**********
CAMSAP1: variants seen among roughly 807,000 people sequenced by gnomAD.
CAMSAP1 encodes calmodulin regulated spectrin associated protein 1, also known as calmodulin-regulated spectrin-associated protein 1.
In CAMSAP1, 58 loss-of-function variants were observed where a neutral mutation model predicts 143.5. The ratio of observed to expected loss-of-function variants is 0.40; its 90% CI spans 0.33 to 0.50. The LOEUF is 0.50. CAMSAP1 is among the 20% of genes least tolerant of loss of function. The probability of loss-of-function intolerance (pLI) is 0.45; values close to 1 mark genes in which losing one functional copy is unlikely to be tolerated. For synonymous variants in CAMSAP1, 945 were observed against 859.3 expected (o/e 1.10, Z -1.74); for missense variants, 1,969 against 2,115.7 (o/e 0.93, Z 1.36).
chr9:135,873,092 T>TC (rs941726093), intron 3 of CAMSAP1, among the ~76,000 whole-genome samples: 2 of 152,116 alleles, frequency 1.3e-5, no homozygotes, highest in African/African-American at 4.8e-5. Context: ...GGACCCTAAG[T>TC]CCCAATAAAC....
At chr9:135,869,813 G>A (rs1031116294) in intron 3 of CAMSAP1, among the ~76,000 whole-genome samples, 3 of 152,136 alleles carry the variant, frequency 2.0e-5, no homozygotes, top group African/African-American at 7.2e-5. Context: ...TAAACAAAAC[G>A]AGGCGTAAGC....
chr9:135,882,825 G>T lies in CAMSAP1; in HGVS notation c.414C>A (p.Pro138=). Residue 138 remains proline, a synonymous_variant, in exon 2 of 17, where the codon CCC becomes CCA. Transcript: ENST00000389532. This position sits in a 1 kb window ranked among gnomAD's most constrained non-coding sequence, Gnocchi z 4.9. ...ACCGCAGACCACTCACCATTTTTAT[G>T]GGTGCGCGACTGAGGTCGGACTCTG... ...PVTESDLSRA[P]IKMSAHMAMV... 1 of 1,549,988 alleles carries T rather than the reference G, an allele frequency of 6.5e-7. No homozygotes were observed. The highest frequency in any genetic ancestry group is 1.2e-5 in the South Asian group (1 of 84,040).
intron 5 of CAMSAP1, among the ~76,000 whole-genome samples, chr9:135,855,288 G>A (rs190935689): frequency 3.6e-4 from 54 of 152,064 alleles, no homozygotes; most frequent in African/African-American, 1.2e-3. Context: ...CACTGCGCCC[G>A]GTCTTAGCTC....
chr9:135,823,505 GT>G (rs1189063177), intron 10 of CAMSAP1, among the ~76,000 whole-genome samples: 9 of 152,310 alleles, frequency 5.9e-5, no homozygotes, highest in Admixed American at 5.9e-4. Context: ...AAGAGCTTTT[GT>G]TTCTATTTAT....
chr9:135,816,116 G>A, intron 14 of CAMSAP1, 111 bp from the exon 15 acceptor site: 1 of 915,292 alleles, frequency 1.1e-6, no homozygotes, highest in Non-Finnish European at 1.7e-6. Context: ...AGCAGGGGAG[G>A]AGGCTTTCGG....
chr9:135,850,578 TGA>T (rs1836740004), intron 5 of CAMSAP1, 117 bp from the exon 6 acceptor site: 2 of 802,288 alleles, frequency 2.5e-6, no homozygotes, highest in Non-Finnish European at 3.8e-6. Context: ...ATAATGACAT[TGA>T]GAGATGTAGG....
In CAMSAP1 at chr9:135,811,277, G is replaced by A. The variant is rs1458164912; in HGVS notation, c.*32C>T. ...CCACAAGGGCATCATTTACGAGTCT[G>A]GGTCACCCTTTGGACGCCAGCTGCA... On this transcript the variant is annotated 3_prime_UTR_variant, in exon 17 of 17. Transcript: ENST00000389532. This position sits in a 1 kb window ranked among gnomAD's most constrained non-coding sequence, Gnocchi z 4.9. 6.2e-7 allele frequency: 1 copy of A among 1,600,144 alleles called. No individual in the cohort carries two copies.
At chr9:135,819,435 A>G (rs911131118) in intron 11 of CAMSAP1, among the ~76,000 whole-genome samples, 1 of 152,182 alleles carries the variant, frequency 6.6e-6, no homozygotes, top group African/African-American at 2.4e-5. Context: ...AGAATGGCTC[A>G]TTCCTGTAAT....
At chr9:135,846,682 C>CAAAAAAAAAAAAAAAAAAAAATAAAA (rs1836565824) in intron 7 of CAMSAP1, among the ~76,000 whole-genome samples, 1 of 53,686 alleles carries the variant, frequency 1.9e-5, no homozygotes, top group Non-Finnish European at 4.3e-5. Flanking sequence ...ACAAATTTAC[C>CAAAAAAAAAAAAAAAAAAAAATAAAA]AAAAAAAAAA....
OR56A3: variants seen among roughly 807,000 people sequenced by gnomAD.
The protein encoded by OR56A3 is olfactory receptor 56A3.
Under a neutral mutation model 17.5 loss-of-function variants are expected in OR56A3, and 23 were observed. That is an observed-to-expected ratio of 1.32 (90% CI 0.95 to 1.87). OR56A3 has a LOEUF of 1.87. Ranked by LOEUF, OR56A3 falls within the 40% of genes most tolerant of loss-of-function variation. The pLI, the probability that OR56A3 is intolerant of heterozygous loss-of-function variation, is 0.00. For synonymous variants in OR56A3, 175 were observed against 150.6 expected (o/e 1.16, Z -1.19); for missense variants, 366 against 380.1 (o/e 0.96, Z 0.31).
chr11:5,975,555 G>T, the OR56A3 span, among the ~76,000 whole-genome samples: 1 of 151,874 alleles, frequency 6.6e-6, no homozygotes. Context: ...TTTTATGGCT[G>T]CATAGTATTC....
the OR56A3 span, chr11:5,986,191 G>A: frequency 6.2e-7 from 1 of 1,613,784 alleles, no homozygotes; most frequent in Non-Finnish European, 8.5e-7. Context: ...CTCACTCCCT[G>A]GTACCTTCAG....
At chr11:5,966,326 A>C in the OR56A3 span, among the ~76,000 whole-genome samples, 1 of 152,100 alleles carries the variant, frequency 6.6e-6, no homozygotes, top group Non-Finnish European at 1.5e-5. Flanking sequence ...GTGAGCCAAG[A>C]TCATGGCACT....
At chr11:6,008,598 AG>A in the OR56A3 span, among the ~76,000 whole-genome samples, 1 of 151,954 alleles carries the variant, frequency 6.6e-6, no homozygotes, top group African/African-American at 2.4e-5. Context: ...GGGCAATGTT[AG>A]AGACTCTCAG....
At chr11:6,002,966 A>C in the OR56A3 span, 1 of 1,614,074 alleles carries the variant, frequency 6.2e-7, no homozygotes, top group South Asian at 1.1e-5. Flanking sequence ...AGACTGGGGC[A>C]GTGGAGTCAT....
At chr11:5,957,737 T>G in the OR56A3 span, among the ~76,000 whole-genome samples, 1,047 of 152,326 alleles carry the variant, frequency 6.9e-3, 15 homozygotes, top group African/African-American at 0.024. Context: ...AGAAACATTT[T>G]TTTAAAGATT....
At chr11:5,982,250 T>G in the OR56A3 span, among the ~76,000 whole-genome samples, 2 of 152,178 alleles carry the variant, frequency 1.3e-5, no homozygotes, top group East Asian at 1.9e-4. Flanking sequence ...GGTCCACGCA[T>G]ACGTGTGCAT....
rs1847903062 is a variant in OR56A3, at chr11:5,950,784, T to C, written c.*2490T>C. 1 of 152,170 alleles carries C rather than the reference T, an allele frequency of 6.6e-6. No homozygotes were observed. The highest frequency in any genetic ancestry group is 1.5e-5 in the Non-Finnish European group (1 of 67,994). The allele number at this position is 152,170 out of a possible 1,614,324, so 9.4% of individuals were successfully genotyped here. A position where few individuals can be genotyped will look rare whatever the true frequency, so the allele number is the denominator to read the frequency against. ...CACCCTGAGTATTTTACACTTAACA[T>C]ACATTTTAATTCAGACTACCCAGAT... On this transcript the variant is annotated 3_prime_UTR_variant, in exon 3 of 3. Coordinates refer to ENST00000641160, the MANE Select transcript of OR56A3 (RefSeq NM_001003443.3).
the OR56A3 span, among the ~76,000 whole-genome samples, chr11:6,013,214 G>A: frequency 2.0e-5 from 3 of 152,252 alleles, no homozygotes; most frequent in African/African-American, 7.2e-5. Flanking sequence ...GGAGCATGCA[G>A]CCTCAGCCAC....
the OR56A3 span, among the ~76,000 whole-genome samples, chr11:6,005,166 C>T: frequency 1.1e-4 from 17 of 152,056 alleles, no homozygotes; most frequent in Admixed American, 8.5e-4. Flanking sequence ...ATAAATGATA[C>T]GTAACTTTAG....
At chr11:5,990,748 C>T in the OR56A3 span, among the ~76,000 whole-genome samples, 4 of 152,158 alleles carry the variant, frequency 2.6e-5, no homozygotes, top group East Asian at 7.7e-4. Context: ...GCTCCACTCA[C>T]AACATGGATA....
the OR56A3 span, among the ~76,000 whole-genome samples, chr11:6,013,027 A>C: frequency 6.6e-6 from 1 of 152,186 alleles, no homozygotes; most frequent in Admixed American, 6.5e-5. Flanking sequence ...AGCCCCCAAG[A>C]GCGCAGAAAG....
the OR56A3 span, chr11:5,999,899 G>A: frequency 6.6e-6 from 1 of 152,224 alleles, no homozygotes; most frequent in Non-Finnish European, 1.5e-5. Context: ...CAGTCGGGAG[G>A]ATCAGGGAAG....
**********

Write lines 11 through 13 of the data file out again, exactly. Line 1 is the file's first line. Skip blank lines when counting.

In CAMSAP1 at chr9:135,811,277, G is replaced by A. The variant is rs1458164912; in HGVS notation, c.*32C>T. ...CCACAAGGGCATCATTTACGAGTCT[G>A]GGTCACCCTTTGGACGCCAGCTGCA... On this transcript the variant is annotated 3_prime_UTR_variant, in exon 17 of 17. Transcript: ENST00000389532. This position sits in a 1 kb window ranked among gnomAD's most constrained non-coding sequence, Gnocchi z 4.9. 6.2e-7 allele frequency: 1 copy of A among 1,600,144 alleles called. No individual in the cohort carries two copies.
At chr9:135,819,435 A>G (rs911131118) in intron 11 of CAMSAP1, among the ~76,000 whole-genome samples, 1 of 152,182 alleles carries the variant, frequency 6.6e-6, no homozygotes, top group African/African-American at 2.4e-5. Context: ...AGAATGGCTC[A>G]TTCCTGTAAT....
At chr9:135,846,682 C>CAAAAAAAAAAAAAAAAAAAAATAAAA (rs1836565824) in intron 7 of CAMSAP1, among the ~76,000 whole-genome samples, 1 of 53,686 alleles carries the variant, frequency 1.9e-5, no homozygotes, top group Non-Finnish European at 4.3e-5. Flanking sequence ...ACAAATTTAC[C>CAAAAAAAAAAAAAAAAAAAAATAAAA]AAAAAAAAAA....